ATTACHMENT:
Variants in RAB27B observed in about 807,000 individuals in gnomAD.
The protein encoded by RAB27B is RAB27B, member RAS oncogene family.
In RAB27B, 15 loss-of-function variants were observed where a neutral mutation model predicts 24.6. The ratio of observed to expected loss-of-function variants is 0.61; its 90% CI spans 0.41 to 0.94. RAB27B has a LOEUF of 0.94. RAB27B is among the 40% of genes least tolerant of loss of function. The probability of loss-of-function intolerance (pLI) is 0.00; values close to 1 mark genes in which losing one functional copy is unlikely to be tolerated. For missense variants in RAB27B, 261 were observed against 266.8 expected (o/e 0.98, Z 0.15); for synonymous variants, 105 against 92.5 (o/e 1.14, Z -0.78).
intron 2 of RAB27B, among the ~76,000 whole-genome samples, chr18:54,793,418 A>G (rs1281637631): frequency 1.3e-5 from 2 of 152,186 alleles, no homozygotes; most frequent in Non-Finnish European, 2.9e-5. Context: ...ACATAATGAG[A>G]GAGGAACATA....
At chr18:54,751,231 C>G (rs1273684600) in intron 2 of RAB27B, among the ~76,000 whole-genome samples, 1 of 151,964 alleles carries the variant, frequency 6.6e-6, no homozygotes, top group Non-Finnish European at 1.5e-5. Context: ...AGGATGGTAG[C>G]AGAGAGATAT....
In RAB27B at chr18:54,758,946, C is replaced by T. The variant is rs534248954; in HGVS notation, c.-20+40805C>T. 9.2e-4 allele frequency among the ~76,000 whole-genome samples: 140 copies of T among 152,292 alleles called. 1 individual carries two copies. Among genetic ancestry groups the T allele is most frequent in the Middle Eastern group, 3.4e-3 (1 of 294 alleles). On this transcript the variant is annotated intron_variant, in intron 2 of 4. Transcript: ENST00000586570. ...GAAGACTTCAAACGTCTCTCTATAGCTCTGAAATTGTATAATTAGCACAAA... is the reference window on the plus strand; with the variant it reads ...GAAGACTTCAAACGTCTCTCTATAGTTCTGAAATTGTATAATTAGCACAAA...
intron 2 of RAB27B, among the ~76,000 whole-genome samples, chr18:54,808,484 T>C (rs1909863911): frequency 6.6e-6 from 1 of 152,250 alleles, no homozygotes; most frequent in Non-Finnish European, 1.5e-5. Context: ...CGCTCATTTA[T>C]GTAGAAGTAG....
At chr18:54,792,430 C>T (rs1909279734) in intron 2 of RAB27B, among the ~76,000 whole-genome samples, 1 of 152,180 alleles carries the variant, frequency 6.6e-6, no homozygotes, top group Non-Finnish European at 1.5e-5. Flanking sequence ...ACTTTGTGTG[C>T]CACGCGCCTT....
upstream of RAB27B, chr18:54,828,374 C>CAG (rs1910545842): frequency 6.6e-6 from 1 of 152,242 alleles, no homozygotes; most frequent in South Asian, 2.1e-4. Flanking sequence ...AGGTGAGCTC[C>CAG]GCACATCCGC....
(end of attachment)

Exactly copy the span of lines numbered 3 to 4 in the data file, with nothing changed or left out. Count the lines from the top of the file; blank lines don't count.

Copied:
In RAB27B, 15 loss-of-function variants were observed where a neutral mutation model predicts 24.6. The ratio of observed to expected loss-of-function variants is 0.61; its 90% CI spans 0.41 to 0.94. RAB27B has a LOEUF of 0.94. RAB27B is among the 40% of genes least tolerant of loss of function. The probability of loss-of-function intolerance (pLI) is 0.00; values close to 1 mark genes in which losing one functional copy is unlikely to be tolerated. For missense variants in RAB27B, 261 were observed against 266.8 expected (o/e 0.98, Z 0.15); for synonymous variants, 105 against 92.5 (o/e 1.14, Z -0.78).
intron 2 of RAB27B, among the ~76,000 whole-genome samples, chr18:54,793,418 A>G (rs1281637631): frequency 1.3e-5 from 2 of 152,186 alleles, no homozygotes; most frequent in Non-Finnish European, 2.9e-5. Context: ...ACATAATGAG[A>G]GAGGAACATA....